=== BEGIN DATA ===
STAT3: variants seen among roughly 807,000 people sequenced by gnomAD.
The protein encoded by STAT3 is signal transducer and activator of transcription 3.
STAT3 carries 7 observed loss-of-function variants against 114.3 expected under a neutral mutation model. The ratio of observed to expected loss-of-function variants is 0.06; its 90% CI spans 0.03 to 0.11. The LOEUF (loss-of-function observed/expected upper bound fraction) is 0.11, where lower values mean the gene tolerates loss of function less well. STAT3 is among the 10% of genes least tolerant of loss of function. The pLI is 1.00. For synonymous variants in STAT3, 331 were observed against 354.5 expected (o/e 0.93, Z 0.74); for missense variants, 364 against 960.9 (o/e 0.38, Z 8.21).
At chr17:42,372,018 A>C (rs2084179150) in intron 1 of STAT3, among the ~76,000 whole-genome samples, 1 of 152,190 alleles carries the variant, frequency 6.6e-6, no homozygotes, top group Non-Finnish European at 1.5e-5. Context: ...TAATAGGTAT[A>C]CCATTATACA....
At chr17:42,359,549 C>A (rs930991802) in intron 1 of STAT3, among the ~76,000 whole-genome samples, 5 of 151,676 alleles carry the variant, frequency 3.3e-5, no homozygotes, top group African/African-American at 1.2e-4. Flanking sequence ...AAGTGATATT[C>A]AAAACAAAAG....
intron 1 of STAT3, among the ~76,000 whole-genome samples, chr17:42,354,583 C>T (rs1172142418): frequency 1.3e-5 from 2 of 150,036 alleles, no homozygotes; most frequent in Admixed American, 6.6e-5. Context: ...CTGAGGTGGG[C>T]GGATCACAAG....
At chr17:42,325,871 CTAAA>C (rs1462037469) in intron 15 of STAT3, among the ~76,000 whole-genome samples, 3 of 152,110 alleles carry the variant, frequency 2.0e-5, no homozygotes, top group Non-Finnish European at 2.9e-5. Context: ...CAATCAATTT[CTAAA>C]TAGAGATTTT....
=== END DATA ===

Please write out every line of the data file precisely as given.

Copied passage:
STAT3: variants seen among roughly 807,000 people sequenced by gnomAD.
The protein encoded by STAT3 is signal transducer and activator of transcription 3.
STAT3 carries 7 observed loss-of-function variants against 114.3 expected under a neutral mutation model. The ratio of observed to expected loss-of-function variants is 0.06; its 90% CI spans 0.03 to 0.11. The LOEUF (loss-of-function observed/expected upper bound fraction) is 0.11, where lower values mean the gene tolerates loss of function less well. STAT3 is among the 10% of genes least tolerant of loss of function. The pLI is 1.00. For synonymous variants in STAT3, 331 were observed against 354.5 expected (o/e 0.93, Z 0.74); for missense variants, 364 against 960.9 (o/e 0.38, Z 8.21).
At chr17:42,372,018 A>C (rs2084179150) in intron 1 of STAT3, among the ~76,000 whole-genome samples, 1 of 152,190 alleles carries the variant, frequency 6.6e-6, no homozygotes, top group Non-Finnish European at 1.5e-5. Context: ...TAATAGGTAT[A>C]CCATTATACA....
At chr17:42,359,549 C>A (rs930991802) in intron 1 of STAT3, among the ~76,000 whole-genome samples, 5 of 151,676 alleles carry the variant, frequency 3.3e-5, no homozygotes, top group African/African-American at 1.2e-4. Flanking sequence ...AAGTGATATT[C>A]AAAACAAAAG....
intron 1 of STAT3, among the ~76,000 whole-genome samples, chr17:42,354,583 C>T (rs1172142418): frequency 1.3e-5 from 2 of 150,036 alleles, no homozygotes; most frequent in Admixed American, 6.6e-5. Context: ...CTGAGGTGGG[C>T]GGATCACAAG....
At chr17:42,325,871 CTAAA>C (rs1462037469) in intron 15 of STAT3, among the ~76,000 whole-genome samples, 3 of 152,110 alleles carry the variant, frequency 2.0e-5, no homozygotes, top group Non-Finnish European at 2.9e-5. Context: ...CAATCAATTT[CTAAA>C]TAGAGATTTT....